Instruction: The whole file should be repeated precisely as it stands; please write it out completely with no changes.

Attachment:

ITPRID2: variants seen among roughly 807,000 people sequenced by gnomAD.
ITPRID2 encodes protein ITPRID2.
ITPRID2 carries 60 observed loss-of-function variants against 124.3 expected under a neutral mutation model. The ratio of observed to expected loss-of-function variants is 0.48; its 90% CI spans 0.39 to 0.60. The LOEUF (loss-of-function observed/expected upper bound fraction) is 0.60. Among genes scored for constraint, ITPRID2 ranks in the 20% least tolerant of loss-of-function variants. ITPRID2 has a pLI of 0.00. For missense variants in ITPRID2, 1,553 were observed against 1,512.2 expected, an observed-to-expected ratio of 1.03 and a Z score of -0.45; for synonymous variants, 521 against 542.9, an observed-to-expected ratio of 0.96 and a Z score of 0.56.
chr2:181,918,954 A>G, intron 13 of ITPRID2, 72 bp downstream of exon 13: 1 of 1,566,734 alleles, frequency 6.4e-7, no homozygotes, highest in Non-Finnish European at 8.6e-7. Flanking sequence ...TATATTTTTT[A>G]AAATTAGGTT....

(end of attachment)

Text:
ITPRID2: variants seen among roughly 807,000 people sequenced by gnomAD.
ITPRID2 encodes protein ITPRID2.
ITPRID2 carries 60 observed loss-of-function variants against 124.3 expected under a neutral mutation model. The ratio of observed to expected loss-of-function variants is 0.48; its 90% CI spans 0.39 to 0.60. The LOEUF (loss-of-function observed/expected upper bound fraction) is 0.60. Among genes scored for constraint, ITPRID2 ranks in the 20% least tolerant of loss-of-function variants. ITPRID2 has a pLI of 0.00. For missense variants in ITPRID2, 1,553 were observed against 1,512.2 expected, an observed-to-expected ratio of 1.03 and a Z score of -0.45; for synonymous variants, 521 against 542.9, an observed-to-expected ratio of 0.96 and a Z score of 0.56.
chr2:181,918,954 A>G, intron 13 of ITPRID2, 72 bp downstream of exon 13: 1 of 1,566,734 alleles, frequency 6.4e-7, no homozygotes, highest in Non-Finnish European at 8.6e-7. Flanking sequence ...TATATTTTTT[A>G]AAATTAGGTT....